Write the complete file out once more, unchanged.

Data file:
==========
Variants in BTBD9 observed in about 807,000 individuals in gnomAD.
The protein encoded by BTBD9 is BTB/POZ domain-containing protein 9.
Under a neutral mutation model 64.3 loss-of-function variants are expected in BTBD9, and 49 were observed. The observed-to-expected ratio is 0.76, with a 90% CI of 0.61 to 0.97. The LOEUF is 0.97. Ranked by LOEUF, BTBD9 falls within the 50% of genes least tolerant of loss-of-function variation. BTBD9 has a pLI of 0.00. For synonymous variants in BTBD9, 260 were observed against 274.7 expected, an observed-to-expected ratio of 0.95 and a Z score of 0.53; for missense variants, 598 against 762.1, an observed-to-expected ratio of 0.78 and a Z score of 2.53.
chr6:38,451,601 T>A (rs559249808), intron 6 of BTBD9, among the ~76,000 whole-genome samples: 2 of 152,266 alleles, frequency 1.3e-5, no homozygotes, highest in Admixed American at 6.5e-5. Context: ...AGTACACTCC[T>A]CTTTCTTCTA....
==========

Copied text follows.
Variants in BTBD9 observed in about 807,000 individuals in gnomAD.
The protein encoded by BTBD9 is BTB/POZ domain-containing protein 9.
Under a neutral mutation model 64.3 loss-of-function variants are expected in BTBD9, and 49 were observed. The observed-to-expected ratio is 0.76, with a 90% CI of 0.61 to 0.97. The LOEUF is 0.97. Ranked by LOEUF, BTBD9 falls within the 50% of genes least tolerant of loss-of-function variation. BTBD9 has a pLI of 0.00. For synonymous variants in BTBD9, 260 were observed against 274.7 expected, an observed-to-expected ratio of 0.95 and a Z score of 0.53; for missense variants, 598 against 762.1, an observed-to-expected ratio of 0.78 and a Z score of 2.53.
chr6:38,451,601 T>A (rs559249808), intron 6 of BTBD9, among the ~76,000 whole-genome samples: 2 of 152,266 alleles, frequency 1.3e-5, no homozygotes, highest in Admixed American at 6.5e-5. Context: ...AGTACACTCC[T>A]CTTTCTTCTA....